Towards A Good Samaritan World

Friday, September 02, 2005


With the hurricane disaster, Bush and Congress have a big new task to deal with, and yet another pretext for abandoning the Social Security reform project that Bush embarked on earlier this year. Yet ironically, Hurricane Katrina and New Orleans provides a good metaphor for the state of the Social Security system.

In New Orleans, the experts knew long in advance that there was a disaster in the offing. New Orleans was six feet below sea level, like a bowl, and could easily be flooded by a storm surge. Likewise, experts know perfectly well that the US has a huge problem of unfunded liabilities: we've promised trillions of dollars more to future retirees than we will collect in taxes. Yet in each case, most people have ignored the issue, while some who should be in the know and concerned have adopted a sort of blithe assumption that we'll muddle through some how. After all, five or six feet of water doesn't sound that bad, does it? A lot of us are tall enough to stand in that! Likewise, the 27% automatic budget cut that will occur in 2042-- that's not so bad, is it? The reality is that a sudden, forced 27% cut in Social Security benefits because of the system going broke would be as disastrous as five or six feet of water in New Orleans.

But then, the date "2042" is actually a red herring. Since Congress can change benefits at any time, promised benefits are of little relevance: what matters is where the state of public opinion is such that the incentives of the political center on balance favor reducing funding. If the program is deligimitized in the eyes of rising generations, as no doubt will happen since young people have already largely written off the benefits they will supposedly receive, then when these generations come of age, they'll tip the majority of the electorate against the program. Politicians will then be ready to abandon it. This could all be accelerated by some future recession or financial crisis, or any crisis that would affect the government debt.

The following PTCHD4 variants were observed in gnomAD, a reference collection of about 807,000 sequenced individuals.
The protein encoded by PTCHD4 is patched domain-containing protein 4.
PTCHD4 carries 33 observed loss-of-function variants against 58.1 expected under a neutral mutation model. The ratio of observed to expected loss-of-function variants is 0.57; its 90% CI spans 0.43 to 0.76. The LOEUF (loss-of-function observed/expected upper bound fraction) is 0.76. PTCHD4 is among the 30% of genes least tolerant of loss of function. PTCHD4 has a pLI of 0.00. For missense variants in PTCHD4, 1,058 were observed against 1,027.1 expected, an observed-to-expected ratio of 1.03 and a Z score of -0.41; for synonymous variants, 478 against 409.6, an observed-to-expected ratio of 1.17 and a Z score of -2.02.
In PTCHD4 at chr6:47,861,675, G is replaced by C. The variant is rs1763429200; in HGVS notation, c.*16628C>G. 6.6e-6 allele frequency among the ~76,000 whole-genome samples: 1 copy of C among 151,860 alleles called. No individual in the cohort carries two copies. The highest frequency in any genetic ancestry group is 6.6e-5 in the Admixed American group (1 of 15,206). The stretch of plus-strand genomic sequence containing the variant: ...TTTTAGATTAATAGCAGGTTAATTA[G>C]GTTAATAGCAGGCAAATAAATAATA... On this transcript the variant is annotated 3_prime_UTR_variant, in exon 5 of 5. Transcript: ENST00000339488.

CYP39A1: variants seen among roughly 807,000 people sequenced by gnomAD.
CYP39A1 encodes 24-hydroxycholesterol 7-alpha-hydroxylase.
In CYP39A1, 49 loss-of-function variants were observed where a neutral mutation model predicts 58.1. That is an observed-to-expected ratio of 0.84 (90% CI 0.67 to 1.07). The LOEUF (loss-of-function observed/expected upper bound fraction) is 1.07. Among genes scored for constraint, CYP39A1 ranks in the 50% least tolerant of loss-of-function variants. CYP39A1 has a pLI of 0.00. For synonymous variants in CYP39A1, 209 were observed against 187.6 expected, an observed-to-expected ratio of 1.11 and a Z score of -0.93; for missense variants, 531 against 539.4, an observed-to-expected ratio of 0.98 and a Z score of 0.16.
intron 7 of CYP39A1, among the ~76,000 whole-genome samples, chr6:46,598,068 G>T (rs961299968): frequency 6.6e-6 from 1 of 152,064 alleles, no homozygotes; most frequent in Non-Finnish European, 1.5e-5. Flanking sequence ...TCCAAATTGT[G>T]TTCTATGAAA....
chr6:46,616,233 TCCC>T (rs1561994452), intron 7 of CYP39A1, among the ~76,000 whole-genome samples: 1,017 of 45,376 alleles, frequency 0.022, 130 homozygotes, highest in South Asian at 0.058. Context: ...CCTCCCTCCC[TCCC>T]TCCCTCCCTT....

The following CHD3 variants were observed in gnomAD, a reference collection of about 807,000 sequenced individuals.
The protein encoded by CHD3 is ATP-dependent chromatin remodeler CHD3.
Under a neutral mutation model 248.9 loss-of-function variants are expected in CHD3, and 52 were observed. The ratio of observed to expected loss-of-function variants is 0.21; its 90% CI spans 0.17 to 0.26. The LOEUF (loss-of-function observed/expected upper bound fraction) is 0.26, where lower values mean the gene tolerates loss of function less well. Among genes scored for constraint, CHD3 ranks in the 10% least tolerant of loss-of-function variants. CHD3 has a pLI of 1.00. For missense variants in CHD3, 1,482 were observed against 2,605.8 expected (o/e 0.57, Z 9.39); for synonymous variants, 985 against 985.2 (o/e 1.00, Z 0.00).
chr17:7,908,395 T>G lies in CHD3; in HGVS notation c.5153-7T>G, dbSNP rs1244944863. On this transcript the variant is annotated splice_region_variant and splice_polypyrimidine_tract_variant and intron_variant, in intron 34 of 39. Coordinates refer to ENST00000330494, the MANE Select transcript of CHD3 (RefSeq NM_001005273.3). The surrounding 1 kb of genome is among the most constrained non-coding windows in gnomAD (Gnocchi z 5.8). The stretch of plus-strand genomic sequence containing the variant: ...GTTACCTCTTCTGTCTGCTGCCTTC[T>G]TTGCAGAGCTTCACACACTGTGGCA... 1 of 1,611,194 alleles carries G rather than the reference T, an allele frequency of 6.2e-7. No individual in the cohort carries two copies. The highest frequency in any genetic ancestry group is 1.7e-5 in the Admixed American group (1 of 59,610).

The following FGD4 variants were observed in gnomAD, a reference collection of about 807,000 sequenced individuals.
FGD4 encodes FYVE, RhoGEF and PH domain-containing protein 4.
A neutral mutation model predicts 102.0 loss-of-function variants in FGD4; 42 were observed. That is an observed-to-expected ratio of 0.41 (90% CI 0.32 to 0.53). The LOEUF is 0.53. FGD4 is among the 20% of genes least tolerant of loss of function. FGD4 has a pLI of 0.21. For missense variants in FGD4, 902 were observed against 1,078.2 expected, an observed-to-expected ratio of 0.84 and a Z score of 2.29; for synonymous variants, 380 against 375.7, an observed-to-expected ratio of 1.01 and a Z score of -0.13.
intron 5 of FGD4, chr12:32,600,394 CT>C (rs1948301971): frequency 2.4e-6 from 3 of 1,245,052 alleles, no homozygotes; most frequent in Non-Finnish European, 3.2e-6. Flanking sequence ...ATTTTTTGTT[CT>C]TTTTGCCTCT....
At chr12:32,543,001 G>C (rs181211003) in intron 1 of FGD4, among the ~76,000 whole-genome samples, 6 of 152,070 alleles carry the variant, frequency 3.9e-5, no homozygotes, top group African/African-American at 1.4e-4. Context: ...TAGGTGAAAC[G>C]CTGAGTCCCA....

And, like Hurricane Katrina, the victims of the future collapse of Social Security will be disproportionately poor and members of minorities. The white middle classes already save, and they'll have better information about the magnitude of the future crisis. Like the better-off New Orleanians who drove their cars out of the city well ahead of the storm, these people will own valuable homes, as well as stocks and private annuities, and they'll escape the Social Security crisis relatively unscathed. But poorer people, and maybe blacks, will have placed greater reliance on the system, and they'll expect the federal government to come through for them. Moreover, they'll have little room to cut spending. So when the Social Security system runs out of money and large across-the-board benefit cuts occur, they'll have fewer other options.

As in Hurricane Katrina, the stakes may ultimately be life and death. People in nursing homes will be unable to pay the bills. The homes will go broke. Maybe cities or state governments will take them over; a few crooked bosses (the nursing home industry is not always attractive to honest people even now) will take the money and run to Brazil or Switzerland; the homes will get tied up in bureaucracy as their residents die.


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